UFC 130: Demetrious Johnson Hungry and Honored To Face Miguel Torres

Danny AcostaCorrespondent IMay 26, 2011

UFC bantamweight Demetrious Johnson welcomes all challenges inside and outside the cage. Photo: Ken Pishna/MMAWeekly.com
UFC bantamweight Demetrious Johnson welcomes all challenges inside and outside the cage. Photo: Ken Pishna/MMAWeekly.com

When Demetrious Johnson gets the call to fight from UFC President Dana White, “Mighty Mouse” declares he transforms from mild-mannered citizen to bantamweight contender. At 5’3", 135-pounds, Johnson’s nickname is exactly what it sounds like. 

The 24-year-old is the smallest competitor at his gym AMC Pankration in Kirkland, Washington. His self-described protruding ears listen to the mixed martial arts wizardry of Matt Hume as he prepares for UFC 130 this Saturday night at the MGM Grand Garden Arena in Las Vegas, Nevada.

Originally slated to face Renan “Barao” in a preliminary bout, Johnson received an opponent switch to former WEC Bantamweight Champion Miguel Torres for featured fight spot on Spike TV six weeks before fight time. 

"I never thought of the day I'd fight Miguel Torres. I remember watching him when I was an amateur,” the four-year fight veteran told Bleacher Report. “I am really honored that all my fans out there believe I have a shot to take him out. I'm going to do my best and it's just surreal. I can't wait ‘til the day comes when he and I are in the Octagon together fighting."

Johnson has amassed an 8-1 professional MMA record (he has over 26 amateur boxing, kickboxing and MMA contests) including his current three-fight win streak comprised of victories against Nick Pace, Damacio Page and Norifumi “Kid” Yamamoto.

Factor in 10-hour shifts at a recycling plant in addition to the rigors of training for a former pound-for-pound pillar like Torres and the strength of “Mighty Mouse” is apparent. He enjoys staying busy so he doesn’t mind double duties although he’s never had the option of being a full-time fighter either. 

"That's my ultimate goal to be a full-time fighter: to be able to take care of my fighting and my family and be able to train full-time. Right now I just don't see that happening,” said Johnson. “If you're only fighting every three months or whatever and the checks aren't as big as GSP's [Georges St-Pierre] and Anderson Silva's—when I'm up to that point with big checks I'll just stop working, start a family and keep on training full time."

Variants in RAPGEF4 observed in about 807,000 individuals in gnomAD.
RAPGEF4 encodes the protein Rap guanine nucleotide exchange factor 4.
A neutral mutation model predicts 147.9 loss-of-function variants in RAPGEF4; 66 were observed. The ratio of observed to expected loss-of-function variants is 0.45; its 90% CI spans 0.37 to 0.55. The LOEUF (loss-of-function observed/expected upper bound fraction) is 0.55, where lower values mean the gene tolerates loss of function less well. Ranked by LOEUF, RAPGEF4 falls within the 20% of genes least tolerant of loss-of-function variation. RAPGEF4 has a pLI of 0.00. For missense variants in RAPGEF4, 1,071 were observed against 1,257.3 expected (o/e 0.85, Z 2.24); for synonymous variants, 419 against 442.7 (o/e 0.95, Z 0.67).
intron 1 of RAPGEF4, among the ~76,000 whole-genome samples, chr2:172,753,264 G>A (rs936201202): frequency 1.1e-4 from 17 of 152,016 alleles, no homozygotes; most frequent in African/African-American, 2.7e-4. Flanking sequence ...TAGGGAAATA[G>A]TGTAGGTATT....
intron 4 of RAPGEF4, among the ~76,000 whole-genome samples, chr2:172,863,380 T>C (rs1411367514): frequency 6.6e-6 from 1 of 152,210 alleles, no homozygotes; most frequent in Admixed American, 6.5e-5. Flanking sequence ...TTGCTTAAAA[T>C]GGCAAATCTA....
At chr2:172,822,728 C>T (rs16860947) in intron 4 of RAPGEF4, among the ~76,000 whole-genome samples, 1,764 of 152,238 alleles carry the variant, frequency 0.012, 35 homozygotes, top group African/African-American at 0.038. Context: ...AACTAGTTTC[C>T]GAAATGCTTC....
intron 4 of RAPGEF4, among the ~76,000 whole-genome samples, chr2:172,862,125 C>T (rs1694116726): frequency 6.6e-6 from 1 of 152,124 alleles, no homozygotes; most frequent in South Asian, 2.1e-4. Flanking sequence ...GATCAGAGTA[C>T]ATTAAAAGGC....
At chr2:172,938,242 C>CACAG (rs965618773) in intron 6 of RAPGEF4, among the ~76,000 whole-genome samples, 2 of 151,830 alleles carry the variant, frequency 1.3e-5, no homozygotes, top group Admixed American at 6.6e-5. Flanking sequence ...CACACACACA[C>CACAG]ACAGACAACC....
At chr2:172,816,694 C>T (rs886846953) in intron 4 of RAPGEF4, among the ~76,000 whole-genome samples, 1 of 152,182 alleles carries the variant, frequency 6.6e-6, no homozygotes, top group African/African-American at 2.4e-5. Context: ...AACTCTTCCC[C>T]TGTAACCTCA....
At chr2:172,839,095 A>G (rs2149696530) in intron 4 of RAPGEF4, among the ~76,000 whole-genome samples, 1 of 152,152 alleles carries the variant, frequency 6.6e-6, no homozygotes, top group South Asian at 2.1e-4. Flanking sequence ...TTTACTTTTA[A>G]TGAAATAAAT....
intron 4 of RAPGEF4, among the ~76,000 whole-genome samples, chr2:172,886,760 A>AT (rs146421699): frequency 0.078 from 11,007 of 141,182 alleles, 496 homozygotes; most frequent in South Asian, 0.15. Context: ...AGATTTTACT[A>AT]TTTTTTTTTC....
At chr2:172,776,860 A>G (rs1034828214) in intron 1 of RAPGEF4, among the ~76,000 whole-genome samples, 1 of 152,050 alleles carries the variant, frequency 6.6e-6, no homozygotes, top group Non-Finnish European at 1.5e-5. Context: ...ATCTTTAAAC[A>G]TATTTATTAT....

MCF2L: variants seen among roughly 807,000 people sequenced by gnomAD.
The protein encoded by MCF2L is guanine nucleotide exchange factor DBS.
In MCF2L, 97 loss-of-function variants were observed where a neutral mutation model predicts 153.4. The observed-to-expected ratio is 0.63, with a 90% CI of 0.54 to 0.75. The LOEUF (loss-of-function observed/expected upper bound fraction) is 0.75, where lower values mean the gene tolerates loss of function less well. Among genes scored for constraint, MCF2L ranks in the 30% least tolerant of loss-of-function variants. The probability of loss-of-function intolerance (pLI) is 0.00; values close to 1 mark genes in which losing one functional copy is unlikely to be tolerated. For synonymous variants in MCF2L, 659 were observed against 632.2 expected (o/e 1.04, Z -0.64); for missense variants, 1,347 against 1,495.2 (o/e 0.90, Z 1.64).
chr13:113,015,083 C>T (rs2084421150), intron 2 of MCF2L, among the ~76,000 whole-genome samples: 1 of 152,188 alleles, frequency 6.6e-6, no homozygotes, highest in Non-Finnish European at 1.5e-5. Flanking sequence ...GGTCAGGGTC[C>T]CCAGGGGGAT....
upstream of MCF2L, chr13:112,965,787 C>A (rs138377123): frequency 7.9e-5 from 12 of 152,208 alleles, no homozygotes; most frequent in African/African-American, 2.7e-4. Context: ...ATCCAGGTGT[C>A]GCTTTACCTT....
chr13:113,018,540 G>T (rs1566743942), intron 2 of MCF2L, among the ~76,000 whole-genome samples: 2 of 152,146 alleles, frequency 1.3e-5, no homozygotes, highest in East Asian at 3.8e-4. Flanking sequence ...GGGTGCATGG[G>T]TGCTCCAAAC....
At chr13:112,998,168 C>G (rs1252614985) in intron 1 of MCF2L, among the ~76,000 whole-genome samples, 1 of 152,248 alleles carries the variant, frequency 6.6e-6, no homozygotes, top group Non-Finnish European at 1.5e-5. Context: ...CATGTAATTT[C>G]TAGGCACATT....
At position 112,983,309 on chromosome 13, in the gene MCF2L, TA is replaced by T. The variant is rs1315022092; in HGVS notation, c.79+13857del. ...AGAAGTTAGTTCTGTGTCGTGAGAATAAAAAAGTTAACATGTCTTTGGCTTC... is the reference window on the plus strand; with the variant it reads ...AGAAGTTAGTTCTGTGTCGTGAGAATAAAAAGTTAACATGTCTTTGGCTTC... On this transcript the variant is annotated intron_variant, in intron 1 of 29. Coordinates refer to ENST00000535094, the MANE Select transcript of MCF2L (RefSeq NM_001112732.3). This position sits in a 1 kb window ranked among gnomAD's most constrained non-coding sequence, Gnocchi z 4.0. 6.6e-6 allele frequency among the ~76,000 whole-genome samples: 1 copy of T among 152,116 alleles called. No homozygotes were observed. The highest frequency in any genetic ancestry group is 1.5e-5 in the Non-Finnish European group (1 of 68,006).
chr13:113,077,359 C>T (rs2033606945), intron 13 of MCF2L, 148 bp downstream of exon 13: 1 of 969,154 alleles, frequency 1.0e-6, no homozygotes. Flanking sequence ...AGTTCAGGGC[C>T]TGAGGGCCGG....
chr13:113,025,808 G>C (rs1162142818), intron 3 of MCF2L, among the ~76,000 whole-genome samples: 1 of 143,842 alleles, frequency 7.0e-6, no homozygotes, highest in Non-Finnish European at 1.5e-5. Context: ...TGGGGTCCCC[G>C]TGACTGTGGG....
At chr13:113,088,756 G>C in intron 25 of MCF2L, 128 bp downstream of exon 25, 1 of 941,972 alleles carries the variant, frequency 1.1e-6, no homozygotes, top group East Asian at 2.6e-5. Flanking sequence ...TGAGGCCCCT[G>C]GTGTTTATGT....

Johnson is eager to test himself against Torres after proving he can mix it up with the upper echelon of the bantamweight division. A sound victory over “Kid” Yamamoto—once as highly regarded internationally as Torres was stateside—in his UFC debut on the same night Torres bested Antonio Banuelos at UFC 126 in February bolsters Johnson's position opposite Torres. He has the necessary imaginative mindset for an underdog to be successful. 

“For me, [MMA is] like being able to live my fantasy life. I play a lot of fighting games; I can't throw an ice ball or a Hadouken or a big giant tidal wave,” Johnson said. “So I guess fighting is my resort to that."

Despite having a high-gear competition switch, Johnson reveals he’s not entirely comfortable with punching people as a profession. 

"I really don't like hurting people honestly. When I get in there, it's like, 'oh, here we go.' I just like to compete and be active and have fun honestly,” he said. “I really do enjoy fighting. When I punch someone in the face, I don't really get pleasure out of it.”

Johnson calmly lists all the sports in which he was counted out because he is a smaller competitor: basketball, track and field, wrestling and now, mixed martial arts. He recalls making a point to run over defenders when running the ball in football. Picking up guys he bulldozed, Johnson lied and said he was 135-pounds (he was more like 119). “You hit like a 185-pounder,” they’d tell him.

The UFC doesn’t host Johnson’s natural weight of 125 pounds, but it’s no sweat for him. He is more comfortable fighting near his walk around weight. He values the marquee fights available at 135-pounds that are harder to come by in the weight below too. Really, Johnson being undersized for the division is just another strength he hopes others mistakenly perceive as a weakness because he’s game no matter the size difference.

"My ultimate goal is to be champion at 135. If they ever do implement 125, I wouldn't mind fighting at 135 and 125 because then I could be more valuable to the UFC because I only walk around at 140, 141. I can cut to 125 and it wouldn't be hard at all,” said the Kentucky-born fighter. "I want to be champion in both weight classes but in order for that happen I have to keep training hard. Hopefully I get past Miguel Torres and they open up a 125 weight class."

Johnson is engaged to wed his fiancé Destiny in May 2012. If he’s not a champion by then, he’d at least like to be a full-time fighter. Where he will be professionally by the time he ties the knot hinges heavily on his fight with Torres. Honored to meet the former 135-pound kingpin in the Octagon, he has invested three months for 15 minutes on May 28 that can define his place in a division he sees as wide-open for No. 1 contenders. 

"People say I have nothing to lose, but in my mind, I have everything to lose,” said Johnson. “I'm going to go out there and take it to him and get my hand raised at the end of the night."

Danny Acosta is the lead writer at FIGHT! Magazine. Follow him on twitter.com/acostaislegend